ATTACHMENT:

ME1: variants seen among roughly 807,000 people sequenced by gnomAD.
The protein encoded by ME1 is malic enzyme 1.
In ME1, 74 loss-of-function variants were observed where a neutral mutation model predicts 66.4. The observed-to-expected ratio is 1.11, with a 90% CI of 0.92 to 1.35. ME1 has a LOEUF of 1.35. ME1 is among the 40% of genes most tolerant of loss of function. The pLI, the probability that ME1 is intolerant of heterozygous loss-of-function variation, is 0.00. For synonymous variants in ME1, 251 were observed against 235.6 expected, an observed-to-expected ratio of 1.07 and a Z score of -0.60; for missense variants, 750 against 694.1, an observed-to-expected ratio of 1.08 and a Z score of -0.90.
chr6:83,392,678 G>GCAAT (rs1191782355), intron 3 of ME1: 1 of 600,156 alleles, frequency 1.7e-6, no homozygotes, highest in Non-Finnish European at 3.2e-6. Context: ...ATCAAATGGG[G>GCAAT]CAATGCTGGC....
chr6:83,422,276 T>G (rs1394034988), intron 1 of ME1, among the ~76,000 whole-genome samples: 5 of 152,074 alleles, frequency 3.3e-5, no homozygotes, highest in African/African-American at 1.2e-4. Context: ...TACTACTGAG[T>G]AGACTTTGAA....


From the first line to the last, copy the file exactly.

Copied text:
ME1: variants seen among roughly 807,000 people sequenced by gnomAD.
The protein encoded by ME1 is malic enzyme 1.
In ME1, 74 loss-of-function variants were observed where a neutral mutation model predicts 66.4. The observed-to-expected ratio is 1.11, with a 90% CI of 0.92 to 1.35. ME1 has a LOEUF of 1.35. ME1 is among the 40% of genes most tolerant of loss of function. The pLI, the probability that ME1 is intolerant of heterozygous loss-of-function variation, is 0.00. For synonymous variants in ME1, 251 were observed against 235.6 expected, an observed-to-expected ratio of 1.07 and a Z score of -0.60; for missense variants, 750 against 694.1, an observed-to-expected ratio of 1.08 and a Z score of -0.90.
chr6:83,392,678 G>GCAAT (rs1191782355), intron 3 of ME1: 1 of 600,156 alleles, frequency 1.7e-6, no homozygotes, highest in Non-Finnish European at 3.2e-6. Context: ...ATCAAATGGG[G>GCAAT]CAATGCTGGC....
chr6:83,422,276 T>G (rs1394034988), intron 1 of ME1, among the ~76,000 whole-genome samples: 5 of 152,074 alleles, frequency 3.3e-5, no homozygotes, highest in African/African-American at 1.2e-4. Context: ...TACTACTGAG[T>G]AGACTTTGAA....